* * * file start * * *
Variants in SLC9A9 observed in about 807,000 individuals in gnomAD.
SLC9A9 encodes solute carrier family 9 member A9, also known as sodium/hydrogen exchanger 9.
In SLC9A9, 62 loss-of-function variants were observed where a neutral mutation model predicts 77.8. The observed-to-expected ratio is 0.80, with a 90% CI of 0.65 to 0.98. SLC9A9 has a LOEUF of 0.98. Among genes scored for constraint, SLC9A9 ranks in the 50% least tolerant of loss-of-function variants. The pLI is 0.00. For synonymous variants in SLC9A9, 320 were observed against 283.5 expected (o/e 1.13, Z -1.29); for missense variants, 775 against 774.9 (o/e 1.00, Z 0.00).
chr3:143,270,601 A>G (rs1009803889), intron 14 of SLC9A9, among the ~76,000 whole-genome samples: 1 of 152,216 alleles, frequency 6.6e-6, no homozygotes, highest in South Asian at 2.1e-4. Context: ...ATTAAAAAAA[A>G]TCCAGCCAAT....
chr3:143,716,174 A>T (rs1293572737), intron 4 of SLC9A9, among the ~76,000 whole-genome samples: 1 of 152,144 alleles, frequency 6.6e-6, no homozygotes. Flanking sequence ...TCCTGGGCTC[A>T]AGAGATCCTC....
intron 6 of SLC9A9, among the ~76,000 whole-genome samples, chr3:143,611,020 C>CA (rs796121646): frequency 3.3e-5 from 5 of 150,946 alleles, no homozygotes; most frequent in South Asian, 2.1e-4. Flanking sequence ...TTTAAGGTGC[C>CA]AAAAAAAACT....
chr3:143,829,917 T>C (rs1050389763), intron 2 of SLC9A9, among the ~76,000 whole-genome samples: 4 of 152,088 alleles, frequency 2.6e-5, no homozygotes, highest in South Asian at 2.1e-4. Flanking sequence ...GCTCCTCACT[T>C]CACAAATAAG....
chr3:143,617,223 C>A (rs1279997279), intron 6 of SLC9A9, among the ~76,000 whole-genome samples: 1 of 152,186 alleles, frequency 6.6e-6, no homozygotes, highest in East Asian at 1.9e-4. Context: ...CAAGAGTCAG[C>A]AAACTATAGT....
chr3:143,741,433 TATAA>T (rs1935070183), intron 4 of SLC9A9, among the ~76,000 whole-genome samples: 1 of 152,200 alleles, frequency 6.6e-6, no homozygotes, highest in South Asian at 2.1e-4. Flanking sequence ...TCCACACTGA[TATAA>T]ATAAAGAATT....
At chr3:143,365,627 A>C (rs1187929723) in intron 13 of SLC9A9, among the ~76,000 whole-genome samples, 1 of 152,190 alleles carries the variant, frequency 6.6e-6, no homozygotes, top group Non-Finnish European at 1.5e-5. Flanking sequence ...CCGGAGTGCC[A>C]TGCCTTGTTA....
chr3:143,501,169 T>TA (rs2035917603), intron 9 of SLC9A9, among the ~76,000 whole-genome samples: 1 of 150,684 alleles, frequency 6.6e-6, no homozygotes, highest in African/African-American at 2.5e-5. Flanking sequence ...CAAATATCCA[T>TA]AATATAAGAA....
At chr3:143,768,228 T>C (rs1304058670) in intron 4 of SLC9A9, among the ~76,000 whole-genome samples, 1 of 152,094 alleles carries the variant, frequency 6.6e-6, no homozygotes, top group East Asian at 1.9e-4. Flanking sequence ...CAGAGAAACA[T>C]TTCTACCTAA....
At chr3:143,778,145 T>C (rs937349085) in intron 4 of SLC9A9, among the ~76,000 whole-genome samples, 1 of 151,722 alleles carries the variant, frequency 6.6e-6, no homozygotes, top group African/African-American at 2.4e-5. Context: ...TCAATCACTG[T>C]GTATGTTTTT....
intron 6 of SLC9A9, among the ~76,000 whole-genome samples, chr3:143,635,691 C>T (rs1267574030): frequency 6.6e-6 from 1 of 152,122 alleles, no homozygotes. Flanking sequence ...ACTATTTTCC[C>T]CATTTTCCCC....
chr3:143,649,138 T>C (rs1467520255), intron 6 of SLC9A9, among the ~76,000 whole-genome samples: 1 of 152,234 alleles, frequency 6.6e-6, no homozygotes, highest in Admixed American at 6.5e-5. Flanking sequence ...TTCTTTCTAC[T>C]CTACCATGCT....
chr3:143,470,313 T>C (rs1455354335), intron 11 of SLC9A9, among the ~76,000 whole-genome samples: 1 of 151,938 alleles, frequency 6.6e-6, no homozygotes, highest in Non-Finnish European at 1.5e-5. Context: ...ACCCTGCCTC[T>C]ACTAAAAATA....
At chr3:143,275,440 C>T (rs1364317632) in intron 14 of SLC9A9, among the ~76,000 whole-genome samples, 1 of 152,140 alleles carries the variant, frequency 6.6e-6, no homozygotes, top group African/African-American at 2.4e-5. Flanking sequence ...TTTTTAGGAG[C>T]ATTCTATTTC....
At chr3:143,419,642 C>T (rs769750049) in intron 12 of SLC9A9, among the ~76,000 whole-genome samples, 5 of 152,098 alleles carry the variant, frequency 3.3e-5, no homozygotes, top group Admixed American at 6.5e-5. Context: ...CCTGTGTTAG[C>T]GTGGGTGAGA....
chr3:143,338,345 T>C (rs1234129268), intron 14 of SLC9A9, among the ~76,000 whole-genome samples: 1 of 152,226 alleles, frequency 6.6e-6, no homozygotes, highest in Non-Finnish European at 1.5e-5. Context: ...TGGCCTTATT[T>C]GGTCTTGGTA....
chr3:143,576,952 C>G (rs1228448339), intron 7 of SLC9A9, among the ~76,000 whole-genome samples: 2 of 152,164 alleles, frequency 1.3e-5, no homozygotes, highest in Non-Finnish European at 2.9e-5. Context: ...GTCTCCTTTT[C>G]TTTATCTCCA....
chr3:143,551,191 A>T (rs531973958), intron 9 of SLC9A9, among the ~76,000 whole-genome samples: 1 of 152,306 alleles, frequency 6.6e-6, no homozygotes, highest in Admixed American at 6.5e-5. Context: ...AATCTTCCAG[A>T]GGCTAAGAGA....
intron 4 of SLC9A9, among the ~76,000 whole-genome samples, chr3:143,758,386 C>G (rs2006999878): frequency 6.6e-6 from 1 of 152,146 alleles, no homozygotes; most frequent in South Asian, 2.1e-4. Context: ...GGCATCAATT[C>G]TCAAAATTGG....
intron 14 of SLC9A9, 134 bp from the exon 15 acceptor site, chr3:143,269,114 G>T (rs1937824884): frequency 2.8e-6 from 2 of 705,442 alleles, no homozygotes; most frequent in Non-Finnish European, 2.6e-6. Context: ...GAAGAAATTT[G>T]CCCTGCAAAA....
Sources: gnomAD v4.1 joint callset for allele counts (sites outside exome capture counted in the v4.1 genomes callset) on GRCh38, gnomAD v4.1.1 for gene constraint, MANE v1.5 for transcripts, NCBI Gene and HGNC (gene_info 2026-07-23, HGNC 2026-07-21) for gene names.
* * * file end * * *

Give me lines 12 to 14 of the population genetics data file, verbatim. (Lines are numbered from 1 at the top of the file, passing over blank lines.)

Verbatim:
At chr3:143,768,228 T>C (rs1304058670) in intron 4 of SLC9A9, among the ~76,000 whole-genome samples, 1 of 152,094 alleles carries the variant, frequency 6.6e-6, no homozygotes, top group East Asian at 1.9e-4. Flanking sequence ...CAGAGAAACA[T>C]TTCTACCTAA....
At chr3:143,778,145 T>C (rs937349085) in intron 4 of SLC9A9, among the ~76,000 whole-genome samples, 1 of 151,722 alleles carries the variant, frequency 6.6e-6, no homozygotes, top group African/African-American at 2.4e-5. Context: ...TCAATCACTG[T>C]GTATGTTTTT....
intron 6 of SLC9A9, among the ~76,000 whole-genome samples, chr3:143,635,691 C>T (rs1267574030): frequency 6.6e-6 from 1 of 152,122 alleles, no homozygotes. Flanking sequence ...ACTATTTTCC[C>T]CATTTTCCCC....